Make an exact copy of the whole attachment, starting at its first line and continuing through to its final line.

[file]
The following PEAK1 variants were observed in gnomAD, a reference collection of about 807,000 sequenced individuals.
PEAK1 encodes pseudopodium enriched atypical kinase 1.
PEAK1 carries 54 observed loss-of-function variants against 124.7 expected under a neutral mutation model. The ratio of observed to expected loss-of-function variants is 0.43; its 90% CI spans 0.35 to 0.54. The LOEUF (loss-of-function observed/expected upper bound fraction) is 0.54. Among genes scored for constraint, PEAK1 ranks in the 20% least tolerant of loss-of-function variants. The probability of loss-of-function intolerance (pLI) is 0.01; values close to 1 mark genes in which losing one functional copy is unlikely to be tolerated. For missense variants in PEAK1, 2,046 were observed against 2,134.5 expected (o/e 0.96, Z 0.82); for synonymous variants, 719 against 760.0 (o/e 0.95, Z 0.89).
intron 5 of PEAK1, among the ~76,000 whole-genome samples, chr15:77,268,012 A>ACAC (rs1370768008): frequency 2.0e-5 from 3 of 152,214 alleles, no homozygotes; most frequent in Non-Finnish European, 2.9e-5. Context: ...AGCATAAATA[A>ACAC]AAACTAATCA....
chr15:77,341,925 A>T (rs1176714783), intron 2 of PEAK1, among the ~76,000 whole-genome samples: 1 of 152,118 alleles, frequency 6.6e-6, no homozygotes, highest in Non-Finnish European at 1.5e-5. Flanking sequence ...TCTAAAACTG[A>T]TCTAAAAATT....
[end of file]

The following PEAK1 variants were observed in gnomAD, a reference collection of about 807,000 sequenced individuals.
PEAK1 encodes pseudopodium enriched atypical kinase 1.
PEAK1 carries 54 observed loss-of-function variants against 124.7 expected under a neutral mutation model. The ratio of observed to expected loss-of-function variants is 0.43; its 90% CI spans 0.35 to 0.54. The LOEUF (loss-of-function observed/expected upper bound fraction) is 0.54. Among genes scored for constraint, PEAK1 ranks in the 20% least tolerant of loss-of-function variants. The probability of loss-of-function intolerance (pLI) is 0.01; values close to 1 mark genes in which losing one functional copy is unlikely to be tolerated. For missense variants in PEAK1, 2,046 were observed against 2,134.5 expected (o/e 0.96, Z 0.82); for synonymous variants, 719 against 760.0 (o/e 0.95, Z 0.89).
intron 5 of PEAK1, among the ~76,000 whole-genome samples, chr15:77,268,012 A>ACAC (rs1370768008): frequency 2.0e-5 from 3 of 152,214 alleles, no homozygotes; most frequent in Non-Finnish European, 2.9e-5. Context: ...AGCATAAATA[A>ACAC]AAACTAATCA....
chr15:77,341,925 A>T (rs1176714783), intron 2 of PEAK1, among the ~76,000 whole-genome samples: 1 of 152,118 alleles, frequency 6.6e-6, no homozygotes, highest in Non-Finnish European at 1.5e-5. Flanking sequence ...TCTAAAACTG[A>T]TCTAAAAATT....